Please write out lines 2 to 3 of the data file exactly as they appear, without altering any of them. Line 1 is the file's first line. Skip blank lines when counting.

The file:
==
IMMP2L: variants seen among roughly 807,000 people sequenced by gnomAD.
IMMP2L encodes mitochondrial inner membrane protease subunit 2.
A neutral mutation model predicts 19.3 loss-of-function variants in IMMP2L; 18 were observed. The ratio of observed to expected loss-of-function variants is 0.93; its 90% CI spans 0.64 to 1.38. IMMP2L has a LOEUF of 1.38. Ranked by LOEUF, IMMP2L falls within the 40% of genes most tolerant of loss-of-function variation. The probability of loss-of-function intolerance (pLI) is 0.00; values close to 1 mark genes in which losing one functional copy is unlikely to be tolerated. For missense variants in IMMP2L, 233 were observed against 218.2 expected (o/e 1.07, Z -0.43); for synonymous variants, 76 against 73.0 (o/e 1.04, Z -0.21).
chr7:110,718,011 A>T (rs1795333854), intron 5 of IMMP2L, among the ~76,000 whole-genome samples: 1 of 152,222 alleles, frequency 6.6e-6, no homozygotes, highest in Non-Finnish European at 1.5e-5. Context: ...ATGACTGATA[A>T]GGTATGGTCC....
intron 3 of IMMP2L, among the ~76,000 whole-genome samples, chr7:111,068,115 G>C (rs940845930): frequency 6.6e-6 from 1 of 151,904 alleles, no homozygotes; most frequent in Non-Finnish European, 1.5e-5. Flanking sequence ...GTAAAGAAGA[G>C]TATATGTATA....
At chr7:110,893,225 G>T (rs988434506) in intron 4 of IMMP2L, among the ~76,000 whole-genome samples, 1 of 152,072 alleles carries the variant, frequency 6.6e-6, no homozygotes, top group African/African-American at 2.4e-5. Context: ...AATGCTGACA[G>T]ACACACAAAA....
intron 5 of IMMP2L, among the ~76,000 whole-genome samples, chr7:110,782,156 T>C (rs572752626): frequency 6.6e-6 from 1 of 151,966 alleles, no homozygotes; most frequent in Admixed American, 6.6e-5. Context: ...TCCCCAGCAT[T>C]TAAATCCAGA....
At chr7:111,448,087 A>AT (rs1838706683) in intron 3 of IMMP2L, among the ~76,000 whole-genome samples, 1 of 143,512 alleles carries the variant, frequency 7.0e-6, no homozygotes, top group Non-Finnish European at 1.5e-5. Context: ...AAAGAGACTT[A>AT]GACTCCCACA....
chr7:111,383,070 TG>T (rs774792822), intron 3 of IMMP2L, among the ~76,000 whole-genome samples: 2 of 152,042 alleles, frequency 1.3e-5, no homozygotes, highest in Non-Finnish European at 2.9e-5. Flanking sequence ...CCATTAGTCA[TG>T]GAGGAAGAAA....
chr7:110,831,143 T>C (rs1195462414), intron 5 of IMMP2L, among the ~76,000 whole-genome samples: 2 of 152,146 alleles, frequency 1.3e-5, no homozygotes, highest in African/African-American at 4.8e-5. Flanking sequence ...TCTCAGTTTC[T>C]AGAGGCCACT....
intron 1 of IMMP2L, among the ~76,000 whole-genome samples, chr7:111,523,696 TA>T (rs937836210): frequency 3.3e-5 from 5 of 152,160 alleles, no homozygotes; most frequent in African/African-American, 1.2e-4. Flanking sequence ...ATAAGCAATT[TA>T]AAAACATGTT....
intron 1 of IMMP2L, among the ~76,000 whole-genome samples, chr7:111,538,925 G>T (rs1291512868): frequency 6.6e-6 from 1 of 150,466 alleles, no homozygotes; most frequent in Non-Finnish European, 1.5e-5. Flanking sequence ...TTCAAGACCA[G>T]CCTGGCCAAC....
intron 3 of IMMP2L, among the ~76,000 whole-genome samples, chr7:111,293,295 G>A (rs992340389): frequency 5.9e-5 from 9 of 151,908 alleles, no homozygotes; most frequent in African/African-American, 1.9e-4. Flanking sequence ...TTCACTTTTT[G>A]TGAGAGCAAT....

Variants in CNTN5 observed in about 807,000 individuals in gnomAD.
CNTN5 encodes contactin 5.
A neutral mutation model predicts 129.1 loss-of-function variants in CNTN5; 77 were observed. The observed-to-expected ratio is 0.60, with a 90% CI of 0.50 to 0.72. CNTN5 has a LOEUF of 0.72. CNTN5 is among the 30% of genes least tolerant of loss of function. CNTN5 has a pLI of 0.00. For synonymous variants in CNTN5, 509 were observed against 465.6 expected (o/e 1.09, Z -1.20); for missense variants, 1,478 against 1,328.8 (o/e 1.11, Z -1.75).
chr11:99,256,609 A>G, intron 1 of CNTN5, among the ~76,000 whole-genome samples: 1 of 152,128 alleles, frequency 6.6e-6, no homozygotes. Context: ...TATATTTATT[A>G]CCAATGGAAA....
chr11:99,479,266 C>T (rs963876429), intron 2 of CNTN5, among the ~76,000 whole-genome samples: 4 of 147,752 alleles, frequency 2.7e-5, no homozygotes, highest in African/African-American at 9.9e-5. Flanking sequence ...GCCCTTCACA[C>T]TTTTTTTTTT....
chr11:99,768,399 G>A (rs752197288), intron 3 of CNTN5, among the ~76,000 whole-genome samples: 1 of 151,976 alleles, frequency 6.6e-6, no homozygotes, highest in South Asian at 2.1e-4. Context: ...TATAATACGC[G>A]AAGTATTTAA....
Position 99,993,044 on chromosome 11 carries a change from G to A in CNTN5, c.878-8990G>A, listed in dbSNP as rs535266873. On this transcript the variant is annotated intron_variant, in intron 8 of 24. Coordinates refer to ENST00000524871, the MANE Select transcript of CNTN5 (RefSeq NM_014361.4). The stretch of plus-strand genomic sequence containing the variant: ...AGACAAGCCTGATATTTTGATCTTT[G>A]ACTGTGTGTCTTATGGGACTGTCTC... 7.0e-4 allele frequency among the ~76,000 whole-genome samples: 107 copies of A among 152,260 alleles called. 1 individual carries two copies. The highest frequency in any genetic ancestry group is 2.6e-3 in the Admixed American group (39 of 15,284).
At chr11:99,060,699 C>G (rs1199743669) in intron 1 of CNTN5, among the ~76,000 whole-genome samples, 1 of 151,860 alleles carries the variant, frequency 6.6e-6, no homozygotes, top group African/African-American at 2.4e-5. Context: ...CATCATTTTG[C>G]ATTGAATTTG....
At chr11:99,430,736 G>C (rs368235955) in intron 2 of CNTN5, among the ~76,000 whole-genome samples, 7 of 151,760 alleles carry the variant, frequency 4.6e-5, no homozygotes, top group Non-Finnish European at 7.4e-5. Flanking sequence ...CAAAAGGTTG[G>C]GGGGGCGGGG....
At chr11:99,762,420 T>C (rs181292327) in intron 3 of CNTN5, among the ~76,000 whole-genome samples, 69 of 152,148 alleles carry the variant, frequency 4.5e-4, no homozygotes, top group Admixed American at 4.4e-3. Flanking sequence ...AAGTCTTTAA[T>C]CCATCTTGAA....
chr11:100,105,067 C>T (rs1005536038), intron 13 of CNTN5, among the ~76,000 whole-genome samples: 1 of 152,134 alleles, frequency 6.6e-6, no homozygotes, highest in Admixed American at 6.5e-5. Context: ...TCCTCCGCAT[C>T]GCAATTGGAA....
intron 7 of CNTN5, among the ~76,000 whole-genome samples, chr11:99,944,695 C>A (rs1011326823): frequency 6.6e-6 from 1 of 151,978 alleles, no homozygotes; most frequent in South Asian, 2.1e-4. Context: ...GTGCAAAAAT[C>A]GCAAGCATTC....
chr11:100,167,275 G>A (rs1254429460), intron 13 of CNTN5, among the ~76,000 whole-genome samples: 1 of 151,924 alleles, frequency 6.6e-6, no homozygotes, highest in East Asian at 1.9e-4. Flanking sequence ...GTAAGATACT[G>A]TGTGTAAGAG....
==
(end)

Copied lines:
IMMP2L encodes mitochondrial inner membrane protease subunit 2.
A neutral mutation model predicts 19.3 loss-of-function variants in IMMP2L; 18 were observed. The ratio of observed to expected loss-of-function variants is 0.93; its 90% CI spans 0.64 to 1.38. IMMP2L has a LOEUF of 1.38. Ranked by LOEUF, IMMP2L falls within the 40% of genes most tolerant of loss-of-function variation. The probability of loss-of-function intolerance (pLI) is 0.00; values close to 1 mark genes in which losing one functional copy is unlikely to be tolerated. For missense variants in IMMP2L, 233 were observed against 218.2 expected (o/e 1.07, Z -0.43); for synonymous variants, 76 against 73.0 (o/e 1.04, Z -0.21).